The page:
Workers not too concerned about data theft: Report

'Canadian businesses are failing to provide employees with enough education on cyber threats, best practices'

Workers not too concerned about data theft: Report

It seems Canadian employees are not putting enough importance into keeping their work data secure, according to a recent report.

Just over a third (34 per cent) of employees express little-to-no concern about data theft at work, and 16 per cent believe they can't be targeted at all by cyber criminals, finds Terranova Security.

And there is still confusion among employees over who is ultimately responsible for protecting company data, finds the survey of 1,000 Canadian employees. More than three-quarters (77 per cent) of Canadian employees believe it's the IT department's responsibility to protect company data, while just 54 per cent believe they play an essential role.

Read more: Despite risks, fewer employers offer cybersecurity training

"The research shows that there's some work to do on educating people about the important role they play in protecting data at work, but the responsibility doesn't just fall on them," says Theo Zafirakos, chief information security officer, Terranova Security.

This comes at a time when the danger from a breach is at an all-time high. According to the Canadian Anti-Fraud Centre (CAFC), Canadians lost an estimated total of CAD $230 million to fraud in 2021, out of which a sum of CAD $100 million was associated to online fraud.

But workers are willing to learn. Nearly eight in 10 (78 per cent) of them believe cyber security training is interesting, and 56 per cent have started or completed the training when it's offered to them.

Read more: Many employers not taking cyber security seriously

However, Canadian businesses are failing to provide employees with enough education on common cyber threats and security best practices.

Only 40 per cent of employees say they work in a company where cyber security awareness training is mandatory. Another 44 per cent haven't participated in any cyber security training, and 33 per cent indicate that their company doesn't offer any relevant training at all.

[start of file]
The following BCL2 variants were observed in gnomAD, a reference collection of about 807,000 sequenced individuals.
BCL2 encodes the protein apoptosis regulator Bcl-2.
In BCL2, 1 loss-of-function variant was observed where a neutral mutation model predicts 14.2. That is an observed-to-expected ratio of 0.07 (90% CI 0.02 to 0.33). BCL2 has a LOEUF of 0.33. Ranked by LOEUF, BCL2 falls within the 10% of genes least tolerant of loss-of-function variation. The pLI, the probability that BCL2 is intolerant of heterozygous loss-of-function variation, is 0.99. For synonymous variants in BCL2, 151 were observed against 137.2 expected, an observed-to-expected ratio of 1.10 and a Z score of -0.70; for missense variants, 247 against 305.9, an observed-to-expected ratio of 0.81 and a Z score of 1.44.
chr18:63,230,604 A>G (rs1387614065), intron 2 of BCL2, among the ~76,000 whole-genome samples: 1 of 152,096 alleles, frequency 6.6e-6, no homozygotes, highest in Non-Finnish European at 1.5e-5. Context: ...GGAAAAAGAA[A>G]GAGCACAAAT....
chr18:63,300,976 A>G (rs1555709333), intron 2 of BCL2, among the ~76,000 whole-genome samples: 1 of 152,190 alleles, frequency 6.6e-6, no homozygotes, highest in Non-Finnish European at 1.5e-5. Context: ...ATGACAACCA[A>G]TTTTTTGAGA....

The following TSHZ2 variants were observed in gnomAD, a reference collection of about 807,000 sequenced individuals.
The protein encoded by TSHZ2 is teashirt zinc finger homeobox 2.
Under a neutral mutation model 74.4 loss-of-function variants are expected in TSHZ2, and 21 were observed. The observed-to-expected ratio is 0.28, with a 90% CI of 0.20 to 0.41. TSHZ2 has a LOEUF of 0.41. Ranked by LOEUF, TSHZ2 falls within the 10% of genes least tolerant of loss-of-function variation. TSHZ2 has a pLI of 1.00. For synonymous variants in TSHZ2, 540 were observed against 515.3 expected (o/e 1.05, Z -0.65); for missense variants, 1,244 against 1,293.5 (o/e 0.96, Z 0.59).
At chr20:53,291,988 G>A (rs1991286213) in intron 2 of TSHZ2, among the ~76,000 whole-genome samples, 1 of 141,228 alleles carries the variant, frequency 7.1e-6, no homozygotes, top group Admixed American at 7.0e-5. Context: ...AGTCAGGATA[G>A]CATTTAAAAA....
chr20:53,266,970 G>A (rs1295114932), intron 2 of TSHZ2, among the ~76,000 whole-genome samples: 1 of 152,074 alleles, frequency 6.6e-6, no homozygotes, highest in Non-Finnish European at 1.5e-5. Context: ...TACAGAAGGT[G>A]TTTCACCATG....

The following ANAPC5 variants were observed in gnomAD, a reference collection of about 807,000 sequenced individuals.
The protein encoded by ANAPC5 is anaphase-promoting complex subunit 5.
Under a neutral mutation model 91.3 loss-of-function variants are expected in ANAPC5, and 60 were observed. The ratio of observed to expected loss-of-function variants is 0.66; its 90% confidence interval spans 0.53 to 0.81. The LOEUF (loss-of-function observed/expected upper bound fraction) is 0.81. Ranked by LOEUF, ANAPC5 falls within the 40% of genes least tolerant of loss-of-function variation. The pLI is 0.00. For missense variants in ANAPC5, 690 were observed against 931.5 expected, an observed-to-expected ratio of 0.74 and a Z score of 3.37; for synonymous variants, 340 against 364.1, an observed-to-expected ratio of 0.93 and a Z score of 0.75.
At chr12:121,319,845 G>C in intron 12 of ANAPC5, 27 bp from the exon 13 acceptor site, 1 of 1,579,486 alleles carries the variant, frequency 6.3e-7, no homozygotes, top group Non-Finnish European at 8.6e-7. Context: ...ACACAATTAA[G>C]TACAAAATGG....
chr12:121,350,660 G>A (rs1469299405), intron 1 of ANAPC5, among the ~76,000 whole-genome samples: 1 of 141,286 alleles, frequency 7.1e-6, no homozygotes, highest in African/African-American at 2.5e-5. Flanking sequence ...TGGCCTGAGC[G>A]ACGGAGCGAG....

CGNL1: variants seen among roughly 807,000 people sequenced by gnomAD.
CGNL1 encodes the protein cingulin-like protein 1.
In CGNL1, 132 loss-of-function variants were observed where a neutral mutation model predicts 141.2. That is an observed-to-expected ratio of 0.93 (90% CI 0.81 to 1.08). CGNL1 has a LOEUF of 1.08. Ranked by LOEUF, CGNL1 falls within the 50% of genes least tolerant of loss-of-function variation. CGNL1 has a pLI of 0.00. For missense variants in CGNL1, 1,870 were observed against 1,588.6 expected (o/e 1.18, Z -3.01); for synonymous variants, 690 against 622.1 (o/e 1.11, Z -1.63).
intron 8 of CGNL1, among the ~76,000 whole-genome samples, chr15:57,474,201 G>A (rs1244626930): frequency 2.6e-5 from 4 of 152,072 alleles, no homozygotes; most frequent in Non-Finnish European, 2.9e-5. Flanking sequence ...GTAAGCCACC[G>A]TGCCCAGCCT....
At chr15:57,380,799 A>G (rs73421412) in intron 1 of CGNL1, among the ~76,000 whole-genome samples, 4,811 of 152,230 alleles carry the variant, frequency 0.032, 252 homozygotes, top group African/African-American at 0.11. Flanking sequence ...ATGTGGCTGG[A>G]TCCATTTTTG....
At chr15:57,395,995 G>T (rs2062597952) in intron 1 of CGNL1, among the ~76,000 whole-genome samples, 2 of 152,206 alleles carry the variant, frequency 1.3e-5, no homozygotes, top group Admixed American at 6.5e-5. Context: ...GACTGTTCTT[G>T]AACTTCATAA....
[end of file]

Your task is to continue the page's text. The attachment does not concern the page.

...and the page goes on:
"It's clear that security awareness training fell by the wayside for many Canadian businesses, even though cyber crime is rising, and that's a concern,” says Zafirakos. “But employees also have an appetite for learning more about it. These people are the first line of defense against any cyber attack.

Read more: Cyberattacks rise with work from home

“By investing more in education and building a culture around data security within the business, companies will set up a powerful barrier against any cyber threats."

Employers may find it hard to assign dollar values in the return on investment (ROI) of security awareness training when you’re measuring the effects of something that didn’t happen, admits Anthony Haggerty, security engineer at EO Johnson Business Technologies However, it’s pretty much a requirement these days.

“Proactive security education and awareness training is like an insurance policy in the way it limits future potential damages. With today’s threat landscape, a cyberattack is practically a given, so security training is an insurance policy that isn’t optional,” he says.

Read more: Cyberattacks don’t take a holiday

“An effective security awareness program can greatly decrease the impact of cyber-attacks on your bottom line and bring you a significant return on your investment,” he says, and this applies to companies of all sizes.

“For small and midsize businesses especially, avoiding an attack could be a matter of survival. But even for larger organizations that may be able to absorb some of the cost, not having to divert budgets to deal with security incidents means more money available for growing their business.”

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